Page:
"Make sure you replace the shock top mounts too. Just get the Toyota replacement part for that. Bring it to people that are capable of doing it, and do it everyday."

    I was thinking this would be an inexpensive item. NOT. I can buy all 4 KYB-GR2's for $209 (List $485) plus $28 shipping. BUT, the strut mounts, (SM5179 for RF) are $70 each front and $52 each rear. Are these the parts you are talking about? That's another $244 + shp, plus $400 for someone to install them plus a wheel alignment, plus Energy bushings if I go that route, and I would like to. Damn, it's getting to be real money. Are these the strut mounts you mentioned? Can't just replace the rubber parts?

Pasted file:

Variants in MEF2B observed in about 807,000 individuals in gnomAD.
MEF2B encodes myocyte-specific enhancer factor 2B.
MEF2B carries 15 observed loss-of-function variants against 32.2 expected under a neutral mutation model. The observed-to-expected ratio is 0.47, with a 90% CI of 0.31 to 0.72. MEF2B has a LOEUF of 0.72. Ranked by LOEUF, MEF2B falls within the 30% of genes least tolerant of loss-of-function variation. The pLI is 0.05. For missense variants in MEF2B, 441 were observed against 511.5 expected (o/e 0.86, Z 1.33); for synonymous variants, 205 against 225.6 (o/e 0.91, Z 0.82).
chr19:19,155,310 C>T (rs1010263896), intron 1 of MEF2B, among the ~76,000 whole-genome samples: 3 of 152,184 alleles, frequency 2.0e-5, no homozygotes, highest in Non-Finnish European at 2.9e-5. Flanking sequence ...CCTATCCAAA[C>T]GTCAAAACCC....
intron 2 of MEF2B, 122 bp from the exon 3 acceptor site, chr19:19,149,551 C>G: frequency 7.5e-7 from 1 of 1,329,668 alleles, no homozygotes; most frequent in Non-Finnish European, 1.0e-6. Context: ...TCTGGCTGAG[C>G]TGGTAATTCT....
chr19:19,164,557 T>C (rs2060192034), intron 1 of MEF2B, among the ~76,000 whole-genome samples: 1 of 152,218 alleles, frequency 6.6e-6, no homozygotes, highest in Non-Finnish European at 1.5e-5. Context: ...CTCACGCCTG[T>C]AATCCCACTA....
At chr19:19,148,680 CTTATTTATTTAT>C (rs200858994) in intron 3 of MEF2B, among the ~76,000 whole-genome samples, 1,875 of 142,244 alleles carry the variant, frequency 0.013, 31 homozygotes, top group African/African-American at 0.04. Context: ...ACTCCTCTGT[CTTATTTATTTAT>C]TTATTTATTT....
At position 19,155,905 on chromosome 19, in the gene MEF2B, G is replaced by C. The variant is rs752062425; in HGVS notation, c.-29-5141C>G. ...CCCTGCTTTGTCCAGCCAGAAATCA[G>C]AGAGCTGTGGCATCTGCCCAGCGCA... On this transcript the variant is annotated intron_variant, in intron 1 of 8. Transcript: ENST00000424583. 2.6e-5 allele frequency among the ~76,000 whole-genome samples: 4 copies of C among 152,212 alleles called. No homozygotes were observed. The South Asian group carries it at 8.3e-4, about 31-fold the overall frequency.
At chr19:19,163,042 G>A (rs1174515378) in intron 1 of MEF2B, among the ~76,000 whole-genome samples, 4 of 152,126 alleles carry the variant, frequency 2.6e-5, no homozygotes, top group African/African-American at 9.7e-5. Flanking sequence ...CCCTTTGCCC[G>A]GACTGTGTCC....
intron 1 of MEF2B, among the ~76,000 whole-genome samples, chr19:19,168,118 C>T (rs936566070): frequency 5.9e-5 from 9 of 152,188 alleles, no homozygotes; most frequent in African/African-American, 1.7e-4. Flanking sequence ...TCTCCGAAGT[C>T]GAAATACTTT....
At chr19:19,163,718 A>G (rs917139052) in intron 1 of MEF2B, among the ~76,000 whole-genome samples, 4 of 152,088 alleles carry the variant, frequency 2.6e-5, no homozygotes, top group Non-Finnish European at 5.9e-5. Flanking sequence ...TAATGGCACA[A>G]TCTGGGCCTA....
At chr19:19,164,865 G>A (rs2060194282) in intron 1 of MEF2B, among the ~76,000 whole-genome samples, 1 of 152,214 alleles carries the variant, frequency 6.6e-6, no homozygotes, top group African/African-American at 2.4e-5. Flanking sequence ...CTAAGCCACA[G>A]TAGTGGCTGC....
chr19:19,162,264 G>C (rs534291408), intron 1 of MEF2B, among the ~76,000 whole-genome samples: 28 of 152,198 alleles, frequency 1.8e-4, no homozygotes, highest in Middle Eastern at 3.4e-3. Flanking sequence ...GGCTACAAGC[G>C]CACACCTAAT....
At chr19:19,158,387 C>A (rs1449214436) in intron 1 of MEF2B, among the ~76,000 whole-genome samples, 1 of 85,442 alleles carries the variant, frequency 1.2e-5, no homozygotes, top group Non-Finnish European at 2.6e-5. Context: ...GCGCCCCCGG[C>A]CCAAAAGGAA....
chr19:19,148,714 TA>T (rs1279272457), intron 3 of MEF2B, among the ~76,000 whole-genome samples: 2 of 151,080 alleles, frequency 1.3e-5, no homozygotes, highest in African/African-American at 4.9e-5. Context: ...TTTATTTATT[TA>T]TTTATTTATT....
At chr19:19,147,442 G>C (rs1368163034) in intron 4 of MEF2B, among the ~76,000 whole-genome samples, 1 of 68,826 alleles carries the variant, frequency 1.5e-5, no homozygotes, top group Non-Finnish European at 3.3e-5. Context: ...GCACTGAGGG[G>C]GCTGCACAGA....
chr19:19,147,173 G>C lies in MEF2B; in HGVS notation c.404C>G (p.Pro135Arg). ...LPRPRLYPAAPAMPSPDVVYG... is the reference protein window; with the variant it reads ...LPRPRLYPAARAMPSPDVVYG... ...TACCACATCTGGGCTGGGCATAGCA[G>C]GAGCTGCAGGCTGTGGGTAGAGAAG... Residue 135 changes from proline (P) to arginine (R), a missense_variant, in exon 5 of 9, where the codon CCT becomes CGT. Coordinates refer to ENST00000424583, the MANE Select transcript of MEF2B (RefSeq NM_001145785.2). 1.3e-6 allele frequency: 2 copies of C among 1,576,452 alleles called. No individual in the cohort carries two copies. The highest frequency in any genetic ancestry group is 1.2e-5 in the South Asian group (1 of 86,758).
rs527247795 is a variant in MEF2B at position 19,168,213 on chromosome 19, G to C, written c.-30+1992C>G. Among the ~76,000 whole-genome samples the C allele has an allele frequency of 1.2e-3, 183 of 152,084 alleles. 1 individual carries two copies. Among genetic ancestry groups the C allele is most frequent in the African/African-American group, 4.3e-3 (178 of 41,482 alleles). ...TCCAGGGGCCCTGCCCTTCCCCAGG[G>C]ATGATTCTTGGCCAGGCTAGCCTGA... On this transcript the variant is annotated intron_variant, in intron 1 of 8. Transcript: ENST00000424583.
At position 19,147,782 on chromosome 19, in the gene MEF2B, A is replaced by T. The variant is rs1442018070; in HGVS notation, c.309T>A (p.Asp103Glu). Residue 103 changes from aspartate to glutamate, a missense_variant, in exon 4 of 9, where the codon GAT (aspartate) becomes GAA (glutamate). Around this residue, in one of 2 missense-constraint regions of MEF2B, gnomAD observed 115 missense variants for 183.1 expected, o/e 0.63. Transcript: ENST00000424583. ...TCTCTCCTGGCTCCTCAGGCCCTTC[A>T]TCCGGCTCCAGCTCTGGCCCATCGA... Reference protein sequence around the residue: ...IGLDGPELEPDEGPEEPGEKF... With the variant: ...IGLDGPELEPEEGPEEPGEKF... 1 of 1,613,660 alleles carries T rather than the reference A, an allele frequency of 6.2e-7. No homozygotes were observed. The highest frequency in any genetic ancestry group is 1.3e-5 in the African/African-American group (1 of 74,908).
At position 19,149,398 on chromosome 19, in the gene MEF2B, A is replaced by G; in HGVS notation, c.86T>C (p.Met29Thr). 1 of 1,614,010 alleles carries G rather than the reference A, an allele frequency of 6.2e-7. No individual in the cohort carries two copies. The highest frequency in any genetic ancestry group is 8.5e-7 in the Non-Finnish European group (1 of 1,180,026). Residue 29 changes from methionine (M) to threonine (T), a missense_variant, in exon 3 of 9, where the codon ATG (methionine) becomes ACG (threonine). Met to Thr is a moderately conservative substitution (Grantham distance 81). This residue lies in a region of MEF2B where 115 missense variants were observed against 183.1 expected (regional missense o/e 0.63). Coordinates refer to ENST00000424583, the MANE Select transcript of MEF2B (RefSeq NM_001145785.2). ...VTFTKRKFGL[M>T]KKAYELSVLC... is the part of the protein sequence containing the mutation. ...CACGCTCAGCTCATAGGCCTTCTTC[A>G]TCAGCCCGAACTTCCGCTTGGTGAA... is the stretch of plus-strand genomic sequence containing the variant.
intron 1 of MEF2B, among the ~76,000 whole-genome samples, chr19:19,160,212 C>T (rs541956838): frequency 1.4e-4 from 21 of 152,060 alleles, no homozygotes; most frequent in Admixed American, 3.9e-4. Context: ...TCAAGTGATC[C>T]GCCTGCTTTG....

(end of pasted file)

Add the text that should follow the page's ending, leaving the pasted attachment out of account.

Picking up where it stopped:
• abfischabfisch Posts: 591
    That sounds a bit on the hight side. Shop around for more inexpensive but not necessarily cheaper parts for the mounts. Yes, those are the parts I was taling about. Older Avalons, were known for those to fail. Depends on how much mileage you have on the vehicle, how much you have on hand, and how long you intend on keepin it. If you have near 100K on it, you probably should. Even if things come out to $1200 or so, what car like the Avalon could you buy for that???

    Mine has about 84K, rides better than the day I bought it and I have not intention of getting rid of it. Although, I need to change the front rotors and pads again, but that is another story. We use this auto as our staple. It takes us on long trips with grace and comfort, tows a utility trailer constantly, gets us through whiteout conditions with 4 snows in upstate NY, etc. It would be the last car we would get rid of, but it hasn't been the cheapest to own, unfortunately(some parts are cheaply made).